5. Instagram. We’ve taken Instagram pics of the book and we’ll use it to post photos at our signings and events. We were tickled pink when one of the 51 people following us asked us to provide a link to buy the book, which we promptly did!

6. Google+ We’ve used Google+ to promote our full schedule of book-signing events this fall, and we’ve tagged content in the book, and linked to how to buy information. We’ve exceeded 200 people in our circles.

7. We started this posting by talking about a long-form tool, and we’ll wrap up with another. Our blog is called The Working Writer (a nod to the fictional writing guide in our novel). We recognize that writers follow many paths to publishing. We’re working to build a community of writers helping one another with best practices to achieve the greatest success possible from their words—whether through sales or self-fulfillment.

Join the conversation at The Working Writer.

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A BIT ABOUT KAY ELLINGTON

Kay Ellington, co-author of The Paragraph Ranch, has spent three decades working from coast to coast in newspapers for companies such as Gannett and the New York Times Regional Group. She consults with clients on traditional and new media at MediaGarden.

Connect with Kay on the following media:
Facebook
The Working Writer
Email: ParagraphRanch@gmail.com
Paragraph Ranch
Twitter (@paragraphranch)

Find The Paragraph Ranch at these sites: Amazon, Barnes and Noble and Goodreads.

See Affiliate Disclosures.

The Dip or the Dead-End?

My guest today is Mary Gottschalk, author of Sailing Down the Moonbeam and most recently, A Fitting Place. Mary shares her insights into marketing and the challenges marketing presents to writers today. I encourage you to visit Mary’s blog and to take a look at her books. Mary is an excellent writer and someone I look to for guidance in many ways.
Now let’s welcome, Mary.


Back in the days when I was a financial consultant to multi-national corporations, I loved Seth Godin’s little tome called The Dip.  In it, Godin offered a way to deal with that awful feeling of being ”stuck” … with those days when you’re wondering why on earth you’re doing whatever it is you’re doing.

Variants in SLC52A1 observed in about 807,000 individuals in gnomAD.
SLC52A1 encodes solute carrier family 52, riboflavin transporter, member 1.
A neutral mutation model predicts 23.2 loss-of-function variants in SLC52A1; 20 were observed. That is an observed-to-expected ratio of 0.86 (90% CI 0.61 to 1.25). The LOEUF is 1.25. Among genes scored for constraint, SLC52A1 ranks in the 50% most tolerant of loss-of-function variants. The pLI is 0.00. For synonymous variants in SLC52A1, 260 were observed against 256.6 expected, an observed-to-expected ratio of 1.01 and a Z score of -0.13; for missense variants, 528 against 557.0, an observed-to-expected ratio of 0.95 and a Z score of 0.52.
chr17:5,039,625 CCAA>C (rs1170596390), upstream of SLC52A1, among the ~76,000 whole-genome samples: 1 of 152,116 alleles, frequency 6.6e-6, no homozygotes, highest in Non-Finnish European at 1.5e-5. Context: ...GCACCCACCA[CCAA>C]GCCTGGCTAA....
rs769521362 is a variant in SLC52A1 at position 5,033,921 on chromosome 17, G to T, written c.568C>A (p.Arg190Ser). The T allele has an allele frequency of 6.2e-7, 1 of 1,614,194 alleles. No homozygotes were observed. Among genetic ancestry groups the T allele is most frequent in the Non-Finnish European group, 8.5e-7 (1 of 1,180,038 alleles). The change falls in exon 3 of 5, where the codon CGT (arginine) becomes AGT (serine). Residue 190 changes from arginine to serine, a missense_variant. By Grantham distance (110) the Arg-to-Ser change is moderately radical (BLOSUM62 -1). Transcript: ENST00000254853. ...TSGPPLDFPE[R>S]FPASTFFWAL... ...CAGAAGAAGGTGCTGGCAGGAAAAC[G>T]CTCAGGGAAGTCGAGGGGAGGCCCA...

Godin, a popular management consultant in the corporate world, draws a distinction between “a temporary setback that will get better if you keep pushing” (the Dip) and a situation that “will never get better, no matter how hard you try” (the Cul-de-Sac or dead-end).

I find Godin’s wisdom relevant for writers, particularly for indie authors who are laboring in the field, trying one trick after another to market their books, with varying degrees of success.

Even as I was still in the writing stages of my novel, A Fitting Place, I found myself resenting the seemingly endless hours I spent on social media, garnering information about titles and book blurbs and covers and printing options and, of course, marketing strategies. Pundits (social media people, mostly) kept telling me how useful this information would be. I had no reason not to believe them, but I wanted to be writing, not making lists of websites to contact and contests to enter.

I grew grumpier with every passing day.  I abhor repetitive tasks. The ever-growing list of to-do’s made it almost impossible to enjoy a bike ride or read a book—assuming I actually found time to get on a bike or pick up a book.

Even more, I hated the idea of asking strangers to do something for me.  This quirk goes back a long way.  At age 7, I was the only one in my troupe who failed to sell her quota of Girl Scout cookies.  That pattern followed me throughout a successful career.  In the early years, I never had to send out resumes because I had mentors who believed in me and opened doors on my behalf.  In the later years as a consultant, word-of-mouth recommendations from satisfied clients meant I never had to advertise.

As a consequence, I was woefully ill-prepared by both temperament and training for the kind of self-promotion that an indie writer needs to be successful.

We’ve all heard, of course, that you’ll be more successful if you focus on things that you are good at as well as passionate about.  Marketing failed on both counts.

At the same time, I didn’t like the idea of being a quitter.